2014 April 29 Tuesday
Agricultural Drones Raise Farm Productivity

Autonomous small UAVs can fly around a farm at low altitude and take pictures of how the crops are doing. Then software can put all the pictures together, do image processing on them, and point out areas where, say, grapes are healthier or more stressed..

Look ahead about 30 years. A piece of autonomous farm equipment could break down. A drone could quickly fly parts to it from a warehouse many miles away. A farm robot could go out and replace the broken part. Then the equipment could restart and continue plowing or picking crops.

30 years is probably too far out. It seems more likely that 20 years from now most tractors will not be human-operated. I bet we will get fully autonomous tractors before fully automated cars. The farm presents fewer threats to humans if a tractor goes awry because fewer humans will be around. The automation itself will cut way down on already low numbers of people who work on most farms.

By Randall Parker 2014 April 29 10:08 PM 
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2014 April 23 Wednesday
Nuclear Bomb Sized Asteroid Explosions Hit Earth Every Year

The B612 Foundation (which attempts to build public support for defenses against killer asteroids) has released a report claiming that asteroids with nuclear bomb level of explosive force hit the Earth's atmosphere every year.

...between 2000 and 2013 some 26 explosions on Earth ranging in energy from 1 to 600 kilotons were caused by asteroids.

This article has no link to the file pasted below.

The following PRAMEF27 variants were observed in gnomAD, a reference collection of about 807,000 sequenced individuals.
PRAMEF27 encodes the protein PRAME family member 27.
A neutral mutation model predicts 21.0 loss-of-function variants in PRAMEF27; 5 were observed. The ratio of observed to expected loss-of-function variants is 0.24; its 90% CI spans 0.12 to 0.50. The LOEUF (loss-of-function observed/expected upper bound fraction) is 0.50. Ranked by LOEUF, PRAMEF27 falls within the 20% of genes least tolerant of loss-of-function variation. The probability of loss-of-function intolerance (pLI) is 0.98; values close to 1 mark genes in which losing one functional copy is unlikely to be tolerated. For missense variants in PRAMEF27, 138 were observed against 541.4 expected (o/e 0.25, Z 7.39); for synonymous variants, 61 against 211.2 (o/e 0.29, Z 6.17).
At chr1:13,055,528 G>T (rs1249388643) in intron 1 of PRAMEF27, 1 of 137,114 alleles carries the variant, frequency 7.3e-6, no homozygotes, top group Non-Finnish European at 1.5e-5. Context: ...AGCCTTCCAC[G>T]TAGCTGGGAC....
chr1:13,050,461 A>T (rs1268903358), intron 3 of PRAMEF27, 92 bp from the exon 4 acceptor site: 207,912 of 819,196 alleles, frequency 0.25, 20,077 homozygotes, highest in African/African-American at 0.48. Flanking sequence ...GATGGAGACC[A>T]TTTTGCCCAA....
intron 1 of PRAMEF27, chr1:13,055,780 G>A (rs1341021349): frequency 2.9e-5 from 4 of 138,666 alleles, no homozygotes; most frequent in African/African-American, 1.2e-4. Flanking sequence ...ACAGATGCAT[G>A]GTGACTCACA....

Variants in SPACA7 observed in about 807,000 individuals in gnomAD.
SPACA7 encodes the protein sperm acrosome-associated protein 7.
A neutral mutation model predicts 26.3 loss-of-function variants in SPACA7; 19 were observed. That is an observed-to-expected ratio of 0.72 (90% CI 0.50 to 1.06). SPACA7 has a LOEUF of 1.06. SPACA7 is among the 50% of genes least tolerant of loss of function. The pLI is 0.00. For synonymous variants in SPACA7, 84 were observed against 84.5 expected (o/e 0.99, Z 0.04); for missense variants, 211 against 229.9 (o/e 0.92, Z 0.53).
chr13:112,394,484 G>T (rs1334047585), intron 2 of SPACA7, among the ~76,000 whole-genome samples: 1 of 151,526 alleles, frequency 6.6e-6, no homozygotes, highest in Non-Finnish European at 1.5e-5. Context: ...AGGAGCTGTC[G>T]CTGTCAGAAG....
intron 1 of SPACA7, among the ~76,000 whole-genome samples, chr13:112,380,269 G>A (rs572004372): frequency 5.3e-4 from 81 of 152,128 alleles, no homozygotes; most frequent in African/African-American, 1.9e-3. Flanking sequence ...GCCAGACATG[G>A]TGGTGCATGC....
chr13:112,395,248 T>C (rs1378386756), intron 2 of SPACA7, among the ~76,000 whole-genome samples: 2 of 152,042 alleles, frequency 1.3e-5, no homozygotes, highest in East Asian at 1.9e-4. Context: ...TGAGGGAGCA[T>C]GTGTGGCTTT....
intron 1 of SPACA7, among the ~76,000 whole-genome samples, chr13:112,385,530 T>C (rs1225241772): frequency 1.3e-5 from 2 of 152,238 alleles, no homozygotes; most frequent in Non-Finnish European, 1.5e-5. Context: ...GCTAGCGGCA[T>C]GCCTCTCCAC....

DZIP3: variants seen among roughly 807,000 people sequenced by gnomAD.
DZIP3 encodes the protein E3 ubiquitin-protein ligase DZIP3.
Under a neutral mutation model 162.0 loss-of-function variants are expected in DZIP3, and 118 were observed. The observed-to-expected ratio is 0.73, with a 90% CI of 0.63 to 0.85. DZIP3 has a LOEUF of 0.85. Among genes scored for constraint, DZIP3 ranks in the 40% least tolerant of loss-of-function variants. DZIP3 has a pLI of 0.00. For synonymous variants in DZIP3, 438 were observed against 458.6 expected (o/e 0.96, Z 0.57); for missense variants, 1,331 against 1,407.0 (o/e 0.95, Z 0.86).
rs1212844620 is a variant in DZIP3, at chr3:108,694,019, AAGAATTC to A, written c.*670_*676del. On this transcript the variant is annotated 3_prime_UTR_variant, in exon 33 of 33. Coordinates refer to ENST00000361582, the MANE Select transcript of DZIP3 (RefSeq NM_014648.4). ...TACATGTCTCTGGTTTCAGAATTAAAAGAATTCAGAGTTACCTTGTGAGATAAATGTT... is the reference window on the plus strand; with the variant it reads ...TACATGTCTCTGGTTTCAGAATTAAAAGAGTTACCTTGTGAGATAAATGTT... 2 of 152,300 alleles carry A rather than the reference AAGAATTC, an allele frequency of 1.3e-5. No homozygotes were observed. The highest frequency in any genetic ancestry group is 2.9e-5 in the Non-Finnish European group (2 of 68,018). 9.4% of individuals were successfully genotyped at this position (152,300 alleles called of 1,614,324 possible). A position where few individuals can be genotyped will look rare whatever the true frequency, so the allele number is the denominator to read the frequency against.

To put that in perspective, the Little Boy nuclear bomb dropped on Hiroshima had 16 kilotons of explosive force (or possibly 15 kt with the Nagasaki bomb at about 21 kt..

The Chelyabinsk asteroid was many times larger than the nuclear bombs that ended World War II.

The Earth is continuously colliding with fragments of asteroids, the largest in recent times exploding over Tunguska, Siberia in 1908 with an energy impact of 5-15 megatons. More recently, we witnessed the 600-kiloton impact in Chelyabinsk, Russia in 2013, and asteroid impacts greater than 20 kilotons occurred in South Sulawesi, Indonesia in 2009, in the Southern Ocean in 2004, and in the Mediterranean Sea in 2002. Important to note as well is the fact that none of these asteroids were detected or tracked in advance by any existing space-based or terrestrial observatory.

But luckily the asteroid above Chelyabinsk exploded at about 18 miles (29.7 km) high. By contrast, the 1908 Tunguska event asteroid exploded at about 5-10 km and had a similar or larger size than the Chelyabinsk asteroid.

The B612 folks say the recent asteroids exploded too high up in the atmosphere to cause damage. Watch their video:

Count me in with the people who say we ought to build asteroid defenses.

By Randall Parker 2014 April 23 08:42 PM 
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2014 April 21 Monday
Suppose Quantum Mechanical Wavefunctions Do Not Collapse

An infinite number of universes with all possible outcomes baby!

The classic Copenhagen interpretation, devised by Niels Bohr and Werner Heisenberg in the 1920s, resolved this problem by positing that the wavefunction “collapses” into a specific location when a measurement is made. But Dr. Tegmark rejects this as an improvised and implausible solution. The wavefunction never collapses, he argues, and all its different values continue to exist side by side.

Max Tegmark makes the case for the infinite number of universes in Our Mathematical Universe: My Quest for the Ultimate Nature of Reality.